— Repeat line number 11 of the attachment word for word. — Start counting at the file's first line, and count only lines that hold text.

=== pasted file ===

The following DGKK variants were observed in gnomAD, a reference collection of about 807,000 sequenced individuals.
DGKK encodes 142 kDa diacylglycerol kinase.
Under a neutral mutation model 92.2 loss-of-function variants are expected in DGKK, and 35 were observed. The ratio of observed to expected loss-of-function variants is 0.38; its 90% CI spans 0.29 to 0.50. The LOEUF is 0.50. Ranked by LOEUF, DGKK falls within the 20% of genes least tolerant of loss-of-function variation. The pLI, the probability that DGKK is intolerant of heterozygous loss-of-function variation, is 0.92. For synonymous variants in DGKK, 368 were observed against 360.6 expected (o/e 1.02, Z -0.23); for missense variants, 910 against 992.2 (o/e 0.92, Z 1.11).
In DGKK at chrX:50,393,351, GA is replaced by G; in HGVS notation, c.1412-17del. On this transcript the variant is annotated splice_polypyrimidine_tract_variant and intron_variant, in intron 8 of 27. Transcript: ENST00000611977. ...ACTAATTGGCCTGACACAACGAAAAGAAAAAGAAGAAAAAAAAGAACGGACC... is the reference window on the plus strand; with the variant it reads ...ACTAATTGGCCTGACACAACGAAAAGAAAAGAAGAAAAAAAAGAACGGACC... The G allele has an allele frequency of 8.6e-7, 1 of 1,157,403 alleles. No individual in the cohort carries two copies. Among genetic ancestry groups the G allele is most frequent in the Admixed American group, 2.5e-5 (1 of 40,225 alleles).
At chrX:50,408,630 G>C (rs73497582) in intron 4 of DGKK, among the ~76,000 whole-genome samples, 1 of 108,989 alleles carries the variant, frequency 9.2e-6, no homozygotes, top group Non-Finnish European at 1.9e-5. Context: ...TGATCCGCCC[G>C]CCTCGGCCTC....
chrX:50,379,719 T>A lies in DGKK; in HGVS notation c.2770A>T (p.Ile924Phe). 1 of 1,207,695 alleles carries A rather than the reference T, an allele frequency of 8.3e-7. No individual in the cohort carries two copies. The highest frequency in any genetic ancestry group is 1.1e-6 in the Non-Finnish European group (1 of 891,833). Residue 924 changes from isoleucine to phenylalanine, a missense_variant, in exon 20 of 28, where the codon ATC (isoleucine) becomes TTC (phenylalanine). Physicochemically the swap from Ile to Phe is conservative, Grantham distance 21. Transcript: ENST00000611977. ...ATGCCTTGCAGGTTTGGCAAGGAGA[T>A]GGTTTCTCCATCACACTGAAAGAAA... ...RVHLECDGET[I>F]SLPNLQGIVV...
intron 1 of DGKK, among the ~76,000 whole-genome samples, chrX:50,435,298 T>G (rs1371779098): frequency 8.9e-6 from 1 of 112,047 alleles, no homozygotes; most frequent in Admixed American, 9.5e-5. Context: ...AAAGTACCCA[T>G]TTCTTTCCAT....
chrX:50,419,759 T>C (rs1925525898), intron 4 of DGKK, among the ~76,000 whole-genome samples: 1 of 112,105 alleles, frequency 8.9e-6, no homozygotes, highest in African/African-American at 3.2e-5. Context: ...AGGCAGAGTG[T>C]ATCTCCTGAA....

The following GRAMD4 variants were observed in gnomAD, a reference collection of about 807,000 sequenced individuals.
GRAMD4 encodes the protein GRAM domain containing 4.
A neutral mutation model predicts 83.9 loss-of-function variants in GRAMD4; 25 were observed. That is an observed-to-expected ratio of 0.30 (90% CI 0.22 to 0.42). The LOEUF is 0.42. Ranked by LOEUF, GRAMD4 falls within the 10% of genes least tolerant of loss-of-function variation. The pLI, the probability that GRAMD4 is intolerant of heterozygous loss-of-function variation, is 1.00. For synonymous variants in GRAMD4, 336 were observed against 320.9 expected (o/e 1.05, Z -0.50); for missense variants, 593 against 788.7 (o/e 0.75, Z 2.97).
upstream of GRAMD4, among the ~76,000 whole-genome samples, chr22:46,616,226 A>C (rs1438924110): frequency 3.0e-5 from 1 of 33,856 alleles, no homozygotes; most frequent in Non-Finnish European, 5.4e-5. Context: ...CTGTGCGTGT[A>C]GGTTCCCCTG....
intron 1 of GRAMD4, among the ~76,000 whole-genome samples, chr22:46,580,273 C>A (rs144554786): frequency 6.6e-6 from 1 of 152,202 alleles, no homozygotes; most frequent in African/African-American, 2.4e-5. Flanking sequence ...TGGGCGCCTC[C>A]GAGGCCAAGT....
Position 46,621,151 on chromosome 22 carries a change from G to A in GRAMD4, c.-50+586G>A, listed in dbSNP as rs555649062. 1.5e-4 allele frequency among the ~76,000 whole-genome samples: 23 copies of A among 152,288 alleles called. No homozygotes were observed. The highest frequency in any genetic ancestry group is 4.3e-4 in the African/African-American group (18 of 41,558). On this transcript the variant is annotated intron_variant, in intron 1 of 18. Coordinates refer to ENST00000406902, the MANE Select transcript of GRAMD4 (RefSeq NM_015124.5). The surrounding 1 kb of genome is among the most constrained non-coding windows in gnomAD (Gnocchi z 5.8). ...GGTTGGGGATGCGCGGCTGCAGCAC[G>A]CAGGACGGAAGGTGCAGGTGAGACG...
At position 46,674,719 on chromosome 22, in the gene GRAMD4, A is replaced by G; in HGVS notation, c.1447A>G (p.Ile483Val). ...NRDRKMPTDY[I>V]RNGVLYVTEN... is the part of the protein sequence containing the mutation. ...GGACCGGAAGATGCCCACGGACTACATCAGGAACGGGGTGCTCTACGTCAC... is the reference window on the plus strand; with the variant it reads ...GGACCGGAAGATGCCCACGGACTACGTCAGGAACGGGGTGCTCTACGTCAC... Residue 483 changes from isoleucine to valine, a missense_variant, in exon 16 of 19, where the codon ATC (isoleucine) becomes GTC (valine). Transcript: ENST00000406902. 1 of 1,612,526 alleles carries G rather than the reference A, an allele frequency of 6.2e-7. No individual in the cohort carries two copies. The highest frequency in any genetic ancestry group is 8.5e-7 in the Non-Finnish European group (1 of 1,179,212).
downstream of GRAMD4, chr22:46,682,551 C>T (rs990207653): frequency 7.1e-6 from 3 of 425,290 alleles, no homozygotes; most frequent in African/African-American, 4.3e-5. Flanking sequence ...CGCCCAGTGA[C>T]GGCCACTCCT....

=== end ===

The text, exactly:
A neutral mutation model predicts 83.9 loss-of-function variants in GRAMD4; 25 were observed. That is an observed-to-expected ratio of 0.30 (90% CI 0.22 to 0.42). The LOEUF is 0.42. Ranked by LOEUF, GRAMD4 falls within the 10% of genes least tolerant of loss-of-function variation. The pLI, the probability that GRAMD4 is intolerant of heterozygous loss-of-function variation, is 1.00. For synonymous variants in GRAMD4, 336 were observed against 320.9 expected (o/e 1.05, Z -0.50); for missense variants, 593 against 788.7 (o/e 0.75, Z 2.97).